Did you know that about 6,000 British servicemen wed Belgian women and settled here after WW2? Or that Princess Margaret's divorcee lover Peter Townsend was unceremoniously packed off to Brussels to avoid a scandal? If such things are new to you, then fascinating new research by Belgium-based UK expat Dennis Abbott will be right up your street, writes Martin Banks.
In what was something of a labour of love, Dennis, a former leading journalist (pictured, below, from when he served as a reservist on Operation TELIC Iraq in 2003, where he was attached to 7th Armoured Brigade and 19th Mechanized Brigade) delved into the rich and varied history of the Royal British Legion to help mark the RBL’s 100th anniversary later this year.
The result is a wonderful chronicle of the charity which, for many years, has done invaluable work for serving men and women, veterans and their families.
The impetus for the project was a request from the Royal British Legion HQ for branches to mark the 100th anniversary of the RBL in 2021 by telling their story.
The Brussels branch of the RBL itself is 99 years old in 2021.
The history took Dennis just over four months to research and write and, as he readily admits: “It wasn't so easy.”
He said: “The Brussels branch newsletter (known as The Wipers Times) was a rich source of info but goes back only to 2008.
“There are minutes of committee meetings from 1985-1995 but with many gaps."
One of his best sources of information, up until 1970, was the Belgian newspaper Le Soir.
"I was able to search through the digital archives at the National Library of Belgium (KBR) for stories about the branch.”
Dennis is a formerly a journalist at The Sun and The Daily Mirror in the UK and former editor of European Voice in Brussels.
He uncovered, during his research, many intriguing nuggets of information about events linked to the RBL.
For instance, the future Edward VIII (who became the Duke of Windsor after his abdication) and WW1 Field Marshal Earl Haig (who helped found the British Legion) came to visit the Brussels branch in 1923.
Dennis also says that fans of The Crown Netflix series can discover, through the RBL history, what became of Princess Margaret's divorcee lover Group Captain Peter Townsend after he was unceremoniously packed off to Brussels to avoid a scandal at the start of Queen Elizabeth II's reign.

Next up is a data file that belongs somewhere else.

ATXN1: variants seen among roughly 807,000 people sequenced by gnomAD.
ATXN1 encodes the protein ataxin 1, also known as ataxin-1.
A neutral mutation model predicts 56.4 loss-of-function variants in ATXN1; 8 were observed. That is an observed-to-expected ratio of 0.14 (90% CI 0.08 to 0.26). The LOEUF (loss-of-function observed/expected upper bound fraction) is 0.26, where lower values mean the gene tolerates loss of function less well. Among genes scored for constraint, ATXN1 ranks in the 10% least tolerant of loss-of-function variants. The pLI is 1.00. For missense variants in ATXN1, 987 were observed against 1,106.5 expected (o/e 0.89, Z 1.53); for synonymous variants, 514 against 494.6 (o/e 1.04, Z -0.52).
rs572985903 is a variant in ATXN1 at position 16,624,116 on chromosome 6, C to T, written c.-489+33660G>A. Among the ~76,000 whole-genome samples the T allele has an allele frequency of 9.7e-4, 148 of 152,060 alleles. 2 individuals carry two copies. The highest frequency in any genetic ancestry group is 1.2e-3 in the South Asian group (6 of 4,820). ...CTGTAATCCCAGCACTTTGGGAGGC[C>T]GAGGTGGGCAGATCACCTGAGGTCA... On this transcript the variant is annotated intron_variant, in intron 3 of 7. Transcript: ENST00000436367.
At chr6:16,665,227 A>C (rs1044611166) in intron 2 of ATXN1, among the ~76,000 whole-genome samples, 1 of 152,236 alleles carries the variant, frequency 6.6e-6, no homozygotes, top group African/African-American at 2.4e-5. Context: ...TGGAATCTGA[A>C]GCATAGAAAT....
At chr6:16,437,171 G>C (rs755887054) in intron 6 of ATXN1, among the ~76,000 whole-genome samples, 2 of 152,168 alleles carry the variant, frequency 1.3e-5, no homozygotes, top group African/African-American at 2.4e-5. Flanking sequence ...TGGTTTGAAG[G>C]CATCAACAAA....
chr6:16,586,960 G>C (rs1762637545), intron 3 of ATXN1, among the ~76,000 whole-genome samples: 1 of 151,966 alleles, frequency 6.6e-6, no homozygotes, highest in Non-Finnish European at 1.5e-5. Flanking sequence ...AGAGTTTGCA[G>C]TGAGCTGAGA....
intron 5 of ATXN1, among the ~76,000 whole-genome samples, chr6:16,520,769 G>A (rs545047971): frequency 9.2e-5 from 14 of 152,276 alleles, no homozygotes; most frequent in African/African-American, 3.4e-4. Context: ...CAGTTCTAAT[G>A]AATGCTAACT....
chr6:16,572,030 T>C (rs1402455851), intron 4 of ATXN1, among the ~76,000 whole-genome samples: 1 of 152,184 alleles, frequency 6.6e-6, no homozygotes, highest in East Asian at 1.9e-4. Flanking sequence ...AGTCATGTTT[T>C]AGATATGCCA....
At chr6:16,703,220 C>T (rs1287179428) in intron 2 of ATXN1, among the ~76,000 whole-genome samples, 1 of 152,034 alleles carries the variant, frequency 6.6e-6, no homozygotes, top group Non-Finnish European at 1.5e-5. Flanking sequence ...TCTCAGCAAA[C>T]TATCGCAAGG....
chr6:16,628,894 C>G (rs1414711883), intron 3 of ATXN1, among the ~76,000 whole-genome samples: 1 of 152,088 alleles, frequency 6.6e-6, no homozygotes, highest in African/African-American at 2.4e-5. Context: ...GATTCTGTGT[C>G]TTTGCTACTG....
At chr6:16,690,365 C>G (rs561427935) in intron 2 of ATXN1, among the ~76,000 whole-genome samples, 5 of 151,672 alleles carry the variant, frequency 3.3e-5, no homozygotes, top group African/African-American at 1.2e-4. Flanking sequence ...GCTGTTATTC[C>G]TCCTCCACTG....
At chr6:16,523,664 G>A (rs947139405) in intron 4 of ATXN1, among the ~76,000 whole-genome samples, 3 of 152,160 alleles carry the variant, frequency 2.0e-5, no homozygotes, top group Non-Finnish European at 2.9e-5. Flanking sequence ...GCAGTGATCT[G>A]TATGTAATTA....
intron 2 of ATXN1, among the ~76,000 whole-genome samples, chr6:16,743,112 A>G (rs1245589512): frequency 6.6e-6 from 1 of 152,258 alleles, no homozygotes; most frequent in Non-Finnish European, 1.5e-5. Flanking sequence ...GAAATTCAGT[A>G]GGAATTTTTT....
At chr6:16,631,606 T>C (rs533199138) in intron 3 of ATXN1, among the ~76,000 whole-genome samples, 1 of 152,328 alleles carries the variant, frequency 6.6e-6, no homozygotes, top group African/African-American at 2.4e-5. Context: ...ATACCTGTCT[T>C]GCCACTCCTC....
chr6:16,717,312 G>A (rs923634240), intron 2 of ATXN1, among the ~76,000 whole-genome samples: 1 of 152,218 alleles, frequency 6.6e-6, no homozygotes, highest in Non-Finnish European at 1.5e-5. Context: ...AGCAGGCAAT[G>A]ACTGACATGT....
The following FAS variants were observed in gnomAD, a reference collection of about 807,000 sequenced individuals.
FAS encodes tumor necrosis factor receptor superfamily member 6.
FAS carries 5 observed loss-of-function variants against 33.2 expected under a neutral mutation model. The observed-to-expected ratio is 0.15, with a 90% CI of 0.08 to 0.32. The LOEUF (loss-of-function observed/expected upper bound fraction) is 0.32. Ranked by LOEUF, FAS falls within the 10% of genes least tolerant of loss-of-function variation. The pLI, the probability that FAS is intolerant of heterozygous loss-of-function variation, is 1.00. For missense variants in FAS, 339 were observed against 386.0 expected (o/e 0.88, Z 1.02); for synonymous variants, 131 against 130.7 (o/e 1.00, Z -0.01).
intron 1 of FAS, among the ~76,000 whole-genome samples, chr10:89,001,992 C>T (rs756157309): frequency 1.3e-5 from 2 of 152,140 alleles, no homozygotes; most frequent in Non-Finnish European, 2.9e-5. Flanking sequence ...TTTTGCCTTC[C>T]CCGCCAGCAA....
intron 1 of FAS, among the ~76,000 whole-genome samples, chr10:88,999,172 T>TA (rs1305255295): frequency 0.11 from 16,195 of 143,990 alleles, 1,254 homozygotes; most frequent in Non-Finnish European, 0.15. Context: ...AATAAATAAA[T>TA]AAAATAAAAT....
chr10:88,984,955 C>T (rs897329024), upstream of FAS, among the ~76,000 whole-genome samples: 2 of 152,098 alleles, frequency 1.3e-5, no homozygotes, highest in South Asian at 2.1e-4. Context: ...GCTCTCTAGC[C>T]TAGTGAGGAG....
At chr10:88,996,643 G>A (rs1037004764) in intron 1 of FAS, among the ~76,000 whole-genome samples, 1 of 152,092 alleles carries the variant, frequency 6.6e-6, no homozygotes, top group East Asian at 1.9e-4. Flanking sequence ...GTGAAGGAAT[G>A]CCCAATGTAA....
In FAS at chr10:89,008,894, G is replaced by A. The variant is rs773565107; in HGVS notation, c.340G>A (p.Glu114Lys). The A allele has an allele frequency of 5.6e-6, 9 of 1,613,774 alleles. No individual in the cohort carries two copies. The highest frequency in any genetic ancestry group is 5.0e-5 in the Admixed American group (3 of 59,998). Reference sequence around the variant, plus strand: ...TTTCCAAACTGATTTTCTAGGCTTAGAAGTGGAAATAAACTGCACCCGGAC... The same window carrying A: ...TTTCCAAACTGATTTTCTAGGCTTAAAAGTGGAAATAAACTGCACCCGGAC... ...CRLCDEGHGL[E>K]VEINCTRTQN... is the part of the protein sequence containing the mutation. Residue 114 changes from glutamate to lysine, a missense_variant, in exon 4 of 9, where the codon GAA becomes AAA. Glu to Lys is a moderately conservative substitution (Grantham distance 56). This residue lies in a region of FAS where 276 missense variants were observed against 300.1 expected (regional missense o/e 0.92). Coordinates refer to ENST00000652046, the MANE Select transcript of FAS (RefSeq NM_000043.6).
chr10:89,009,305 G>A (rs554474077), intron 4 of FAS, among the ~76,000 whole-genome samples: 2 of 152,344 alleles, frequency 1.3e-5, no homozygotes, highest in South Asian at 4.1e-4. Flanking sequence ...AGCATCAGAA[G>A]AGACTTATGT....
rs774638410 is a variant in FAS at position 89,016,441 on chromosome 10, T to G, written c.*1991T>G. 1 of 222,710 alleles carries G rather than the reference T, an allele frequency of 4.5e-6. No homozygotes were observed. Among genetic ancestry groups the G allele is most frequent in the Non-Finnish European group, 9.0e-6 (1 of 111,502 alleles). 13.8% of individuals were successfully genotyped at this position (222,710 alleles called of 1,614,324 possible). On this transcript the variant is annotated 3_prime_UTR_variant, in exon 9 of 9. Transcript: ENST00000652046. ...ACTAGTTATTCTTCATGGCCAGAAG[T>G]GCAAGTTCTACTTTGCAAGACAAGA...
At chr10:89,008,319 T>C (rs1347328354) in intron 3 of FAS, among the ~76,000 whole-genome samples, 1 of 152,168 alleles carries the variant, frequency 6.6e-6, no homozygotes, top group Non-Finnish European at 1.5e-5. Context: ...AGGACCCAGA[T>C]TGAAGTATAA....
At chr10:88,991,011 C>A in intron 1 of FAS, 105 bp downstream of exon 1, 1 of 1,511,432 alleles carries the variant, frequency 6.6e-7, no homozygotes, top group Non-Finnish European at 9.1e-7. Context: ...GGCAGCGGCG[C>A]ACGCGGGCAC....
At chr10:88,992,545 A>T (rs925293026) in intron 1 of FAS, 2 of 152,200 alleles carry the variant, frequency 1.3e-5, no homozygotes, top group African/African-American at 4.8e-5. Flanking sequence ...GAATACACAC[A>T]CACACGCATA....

Readers can also learn about the secret agents who made Brussels their base after WW2 - notably Lieutenant Colonel George Starr DSO MC and Captain Norman Dewhurst MC.
Dennis said: “The 1950s were undoubtedly the most glamorous period in the branch history with film premieres, concerts, and dances.
“But the history is mostly about the ordinary WW2 servicemen who settled in Brussels after marrying Belgian girls. The Daily Express reckoned that there were 6,000 such marriages after WW2!
He said:”Peter Townsend wrote a series of articles for Le Soir about an 18-month solo world tour he undertook in his Land-Rover after retiring from the RAF. My guess is that it was his way of dealing with his break-up with Princess Margaret. She was the first person he went to see after returning to Brussels.
“In the end he married a 19-year-old Belgian heiress who bore a striking resemblance to Margaret. The history includes video footage of them announcing their engagement.”
This week, for example, he met 94-year-old Claire Whitfield, one of the 6,000 Belgian girls who married British servicemen.
Claire, then 18, met her future husband RAF Flight Sgt Stanley Whitfield in September 1944 after the liberation of Brussels. “It was love at first sight,” she recalled. Stanley would often take her dancing to the 21 Club and RAF Club (pictured, main pic). They married in Brussels.
The history was submitted this week to the national headquarters of the Royal British Legion in London as part of their centenary archive.
The full RBL history compiled by Dennis is available here.
Belgian artist's 'portable oasis' creates COVID-free bubble for one
When governments around Europe told people to create a "bubble" to limit their social contacts during the COVID-19 pandemic, this was probably not what they had in mind, write Bart Biesemans and Clement Rossignol.
Alain Verschueren, a Belgian artist and social worker, has been strolling through the capital Brussels wearing a "portable oasis" - a plexiglass mini-greenhouse which rests on his shoulders, cocooning him in a bubble of air purified by the aromatic plants inside.
Verschueren, 61, developed the idea 15 years ago, inspired by the lush oases in Tunisia where he had previously worked. In a city where face coverings are mandatory to curb the spread of COVID-19, his invention has gained a new lease of life.
"It was about creating a bubble in which I could lock myself in, to cut myself off a world that I found too dull, too noisy or smelly," Verschueren said, adding that he has asthma and finds breathing within his contraption more comfortable than wearing a facemask.